A.D.: New Orleans After the Deluge has had quite a sprint since its release on August 18. When Josh Neufeld began his book tour I warned him: book tours aren’t necessarily a great way to sell books. No matter how much love and media a project gets, authors often end up reading a book, or discussing their work to just a handful of people. The good news is that didn’t happen at all with A.D. Josh has discussed the making of A.D. to packed houses from New York to New Orleans, selling hundreds of books and having dozens and dozens of conversations about how much the work, and the region that inspired it, mean to them. The above photo is from Octavia Books in New Orleans, where A.D. shares a special place in the hearts of locals as Dave Eggers’ masterful Zeitoun.
The media coverage has been more than just wide-ranging, it’s been thoughtful. In a huge piece that led the New York Times’ Arts section, George Gustines reconstructs the path that took A.D. from web to print, writing that A.D. shows “the magnitude of the catastrophe … on a personal level.”
In a wonderful interview about A.D. with Josh and one of the characters, Leo McGovern, on NPR’s “Tell Me More,” host Linda Wertheimer suggests that, “It seems that the people in the book gradually seem to recover their balance, but I think your book really brings home to me how very pervasive the sense of loss was and still is in New Orleans.” That sentiment, is exactly what both Josh and I hoped to convey as readers click on the last panel, or turn the last page of A.D. Listen to the story or read the transcript on the NPR site.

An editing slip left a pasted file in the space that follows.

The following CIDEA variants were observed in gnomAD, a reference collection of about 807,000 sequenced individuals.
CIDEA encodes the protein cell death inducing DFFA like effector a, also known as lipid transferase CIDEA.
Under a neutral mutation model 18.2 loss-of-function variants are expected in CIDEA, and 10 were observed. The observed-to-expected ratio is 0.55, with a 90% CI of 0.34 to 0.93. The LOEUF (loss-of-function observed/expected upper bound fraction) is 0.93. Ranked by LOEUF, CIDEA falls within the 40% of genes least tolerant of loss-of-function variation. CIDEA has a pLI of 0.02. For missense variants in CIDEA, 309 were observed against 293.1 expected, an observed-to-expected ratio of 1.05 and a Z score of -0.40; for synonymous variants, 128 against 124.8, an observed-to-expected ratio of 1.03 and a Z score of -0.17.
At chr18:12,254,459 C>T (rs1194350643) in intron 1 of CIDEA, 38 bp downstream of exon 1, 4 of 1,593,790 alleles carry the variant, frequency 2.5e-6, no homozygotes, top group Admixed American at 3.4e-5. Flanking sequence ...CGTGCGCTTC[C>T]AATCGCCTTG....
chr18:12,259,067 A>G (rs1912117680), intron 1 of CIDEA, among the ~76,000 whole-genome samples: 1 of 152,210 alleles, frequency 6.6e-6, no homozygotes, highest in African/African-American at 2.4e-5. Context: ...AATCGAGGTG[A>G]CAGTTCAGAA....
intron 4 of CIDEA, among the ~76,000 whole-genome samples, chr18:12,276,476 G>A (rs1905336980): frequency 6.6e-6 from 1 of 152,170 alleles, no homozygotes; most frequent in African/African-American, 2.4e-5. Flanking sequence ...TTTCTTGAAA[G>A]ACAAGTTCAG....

Finally, we’re so excited that A.D. has landed on the New York Times Bestseller list in the graphic books category for the second week in a row. For the week of September 13, it’s #4, one of the few graphic books not about Batman. It’s a fitting place for a book with seven very real superheroes who go by the names Leo, Michelle, Denise, Kwame, Abbas, Darnell, and The Doctor.